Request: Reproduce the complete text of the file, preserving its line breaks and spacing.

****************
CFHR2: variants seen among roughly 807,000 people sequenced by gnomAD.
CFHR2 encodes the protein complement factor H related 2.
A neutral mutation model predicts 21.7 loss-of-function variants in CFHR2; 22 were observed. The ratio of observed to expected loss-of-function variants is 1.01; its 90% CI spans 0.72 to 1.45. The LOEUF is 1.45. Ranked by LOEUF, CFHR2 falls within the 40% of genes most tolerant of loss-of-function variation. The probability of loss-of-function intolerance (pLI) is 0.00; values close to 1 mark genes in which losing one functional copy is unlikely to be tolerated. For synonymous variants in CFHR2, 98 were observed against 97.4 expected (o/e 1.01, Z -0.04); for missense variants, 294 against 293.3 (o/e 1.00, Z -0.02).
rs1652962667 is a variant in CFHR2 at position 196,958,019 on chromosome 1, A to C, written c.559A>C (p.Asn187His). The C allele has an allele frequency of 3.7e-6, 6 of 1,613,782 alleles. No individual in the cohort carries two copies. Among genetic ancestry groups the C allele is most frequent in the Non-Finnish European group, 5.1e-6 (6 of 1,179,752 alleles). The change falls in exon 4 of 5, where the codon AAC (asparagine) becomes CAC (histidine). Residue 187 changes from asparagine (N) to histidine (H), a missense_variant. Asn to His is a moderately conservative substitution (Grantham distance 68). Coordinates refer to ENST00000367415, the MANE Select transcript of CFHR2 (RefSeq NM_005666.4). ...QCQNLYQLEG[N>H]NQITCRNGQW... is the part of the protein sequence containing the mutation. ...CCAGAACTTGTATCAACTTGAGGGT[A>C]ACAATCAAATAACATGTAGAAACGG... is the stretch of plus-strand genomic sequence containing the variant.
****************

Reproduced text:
CFHR2: variants seen among roughly 807,000 people sequenced by gnomAD.
CFHR2 encodes the protein complement factor H related 2.
A neutral mutation model predicts 21.7 loss-of-function variants in CFHR2; 22 were observed. The ratio of observed to expected loss-of-function variants is 1.01; its 90% CI spans 0.72 to 1.45. The LOEUF is 1.45. Ranked by LOEUF, CFHR2 falls within the 40% of genes most tolerant of loss-of-function variation. The probability of loss-of-function intolerance (pLI) is 0.00; values close to 1 mark genes in which losing one functional copy is unlikely to be tolerated. For synonymous variants in CFHR2, 98 were observed against 97.4 expected (o/e 1.01, Z -0.04); for missense variants, 294 against 293.3 (o/e 1.00, Z -0.02).
rs1652962667 is a variant in CFHR2 at position 196,958,019 on chromosome 1, A to C, written c.559A>C (p.Asn187His). The C allele has an allele frequency of 3.7e-6, 6 of 1,613,782 alleles. No individual in the cohort carries two copies. Among genetic ancestry groups the C allele is most frequent in the Non-Finnish European group, 5.1e-6 (6 of 1,179,752 alleles). The change falls in exon 4 of 5, where the codon AAC (asparagine) becomes CAC (histidine). Residue 187 changes from asparagine (N) to histidine (H), a missense_variant. Asn to His is a moderately conservative substitution (Grantham distance 68). Coordinates refer to ENST00000367415, the MANE Select transcript of CFHR2 (RefSeq NM_005666.4). ...QCQNLYQLEG[N>H]NQITCRNGQW... is the part of the protein sequence containing the mutation. ...CCAGAACTTGTATCAACTTGAGGGT[A>C]ACAATCAAATAACATGTAGAAACGG... is the stretch of plus-strand genomic sequence containing the variant.